I have guest-edited an issue of the print magazine, Hava La Haba, an independent experimentalist publication based in Tel Aviv — an anthology of fifteen poems by U.S. poets written in the current decade.
The deep relationship between baseball and language has been remarked many times, but rarely if ever has it been enacted in the writing itself. Kevin Varrone’s Box Score is that enactment. Moment by moment, innings (as it were) of prose poems throw the ultimate linguistic eephus. Play by play wordplay struck by bits of ash verbal industry. No open-field poem can find the strike zone. It must go awry and in doing so presents a perfect game—rare but imaginable, and worth staying ‘til the end.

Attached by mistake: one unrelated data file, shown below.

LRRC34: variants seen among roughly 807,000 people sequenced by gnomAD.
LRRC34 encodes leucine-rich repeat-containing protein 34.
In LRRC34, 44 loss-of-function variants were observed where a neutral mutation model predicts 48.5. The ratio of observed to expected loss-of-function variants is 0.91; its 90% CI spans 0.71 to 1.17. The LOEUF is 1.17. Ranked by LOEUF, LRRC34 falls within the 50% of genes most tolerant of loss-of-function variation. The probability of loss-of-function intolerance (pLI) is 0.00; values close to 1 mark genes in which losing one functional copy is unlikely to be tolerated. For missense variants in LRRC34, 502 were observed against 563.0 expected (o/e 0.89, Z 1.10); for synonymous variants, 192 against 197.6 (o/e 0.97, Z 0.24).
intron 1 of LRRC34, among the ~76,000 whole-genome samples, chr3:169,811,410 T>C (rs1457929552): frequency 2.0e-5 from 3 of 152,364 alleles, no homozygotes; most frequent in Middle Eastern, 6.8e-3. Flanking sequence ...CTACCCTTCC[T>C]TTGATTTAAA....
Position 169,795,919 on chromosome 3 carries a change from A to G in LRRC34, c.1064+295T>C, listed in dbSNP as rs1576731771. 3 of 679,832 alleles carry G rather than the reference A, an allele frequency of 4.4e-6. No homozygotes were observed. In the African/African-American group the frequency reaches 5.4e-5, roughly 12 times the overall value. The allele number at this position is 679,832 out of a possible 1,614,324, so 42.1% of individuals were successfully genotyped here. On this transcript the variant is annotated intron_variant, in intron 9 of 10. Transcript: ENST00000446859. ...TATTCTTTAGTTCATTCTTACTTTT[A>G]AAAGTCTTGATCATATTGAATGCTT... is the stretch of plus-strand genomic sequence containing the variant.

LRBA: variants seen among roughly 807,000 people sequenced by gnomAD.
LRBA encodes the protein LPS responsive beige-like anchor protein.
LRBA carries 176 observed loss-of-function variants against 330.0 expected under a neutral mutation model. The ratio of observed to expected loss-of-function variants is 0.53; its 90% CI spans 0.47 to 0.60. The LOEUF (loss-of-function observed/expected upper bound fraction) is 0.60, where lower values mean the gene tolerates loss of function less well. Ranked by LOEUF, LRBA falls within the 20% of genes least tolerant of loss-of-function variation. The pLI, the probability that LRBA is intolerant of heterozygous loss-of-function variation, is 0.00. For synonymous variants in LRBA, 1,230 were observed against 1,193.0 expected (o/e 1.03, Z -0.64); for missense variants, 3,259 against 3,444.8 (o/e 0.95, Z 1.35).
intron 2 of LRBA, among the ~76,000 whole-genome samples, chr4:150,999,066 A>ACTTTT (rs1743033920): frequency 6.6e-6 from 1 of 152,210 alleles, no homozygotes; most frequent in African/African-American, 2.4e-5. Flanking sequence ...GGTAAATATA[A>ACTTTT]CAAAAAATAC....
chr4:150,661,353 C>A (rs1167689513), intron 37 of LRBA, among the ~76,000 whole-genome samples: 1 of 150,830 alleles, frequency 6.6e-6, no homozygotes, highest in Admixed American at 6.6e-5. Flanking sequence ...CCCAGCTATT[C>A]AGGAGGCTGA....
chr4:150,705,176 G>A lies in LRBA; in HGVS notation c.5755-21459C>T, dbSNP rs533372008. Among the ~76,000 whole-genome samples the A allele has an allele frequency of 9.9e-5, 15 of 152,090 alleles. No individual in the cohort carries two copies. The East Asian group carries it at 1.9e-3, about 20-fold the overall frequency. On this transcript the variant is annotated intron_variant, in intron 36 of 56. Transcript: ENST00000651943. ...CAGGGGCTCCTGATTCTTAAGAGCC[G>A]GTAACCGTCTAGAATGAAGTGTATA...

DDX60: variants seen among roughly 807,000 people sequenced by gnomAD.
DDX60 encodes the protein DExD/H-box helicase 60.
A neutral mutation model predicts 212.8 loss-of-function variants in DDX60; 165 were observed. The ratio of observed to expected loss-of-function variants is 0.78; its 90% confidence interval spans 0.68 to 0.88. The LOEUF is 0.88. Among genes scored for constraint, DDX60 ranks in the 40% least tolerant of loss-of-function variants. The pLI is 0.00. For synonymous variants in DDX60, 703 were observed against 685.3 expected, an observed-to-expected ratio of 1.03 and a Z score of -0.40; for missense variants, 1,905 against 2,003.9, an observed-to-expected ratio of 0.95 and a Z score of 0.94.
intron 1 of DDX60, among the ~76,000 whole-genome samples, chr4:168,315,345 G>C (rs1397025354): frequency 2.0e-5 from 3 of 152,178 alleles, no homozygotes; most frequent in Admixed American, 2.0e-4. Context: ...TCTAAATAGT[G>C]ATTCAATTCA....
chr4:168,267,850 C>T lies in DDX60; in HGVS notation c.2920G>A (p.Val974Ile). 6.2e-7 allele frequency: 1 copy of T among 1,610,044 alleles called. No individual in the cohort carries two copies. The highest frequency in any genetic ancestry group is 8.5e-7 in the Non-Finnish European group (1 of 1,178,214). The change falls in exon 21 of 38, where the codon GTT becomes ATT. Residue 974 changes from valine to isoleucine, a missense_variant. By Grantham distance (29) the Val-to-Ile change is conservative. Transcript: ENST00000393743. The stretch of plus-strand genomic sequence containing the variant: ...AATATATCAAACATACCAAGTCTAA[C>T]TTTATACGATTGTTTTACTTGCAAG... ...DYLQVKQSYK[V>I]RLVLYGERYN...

On March 20, 2007 I moderated a public conversation with Jamaica Kincaid. Most of the questions I asked her — and my comments about her writing, after I'd read everything she’d written — were about the convergence of a quasi-cubist idea about sentences (almost Steinian in places, although not quite) on the one hand, and, on the other hand, a specifically postmodern postcolonialist conception of her Caribbean origins. A "trying not to get it quite right," as she and I agreed during the discussion.
In late September of 1985, Robert Creeley visited New College. He gave three lectures on Emily Dickinson (one each on September 20, 23 and 25) and a reading (September 23), introduced by Aaron Shurin and Duncan McNaughton. We at PennSound have now segmented the first of the three talks by topic. Many thanks to Anna Zalokostas for her superb editorial work. The recordings came to PennSound courtesy of David Levi Strauss. So here are the segments of the first lecture on Dickinson:
challenging the image of Emily Dickinson as eccentric, reactive, and fragile (11:06): MP3
on the comings and goings of the Amherst town and church, her secondary school education, and her daily interactions (10:39): MP3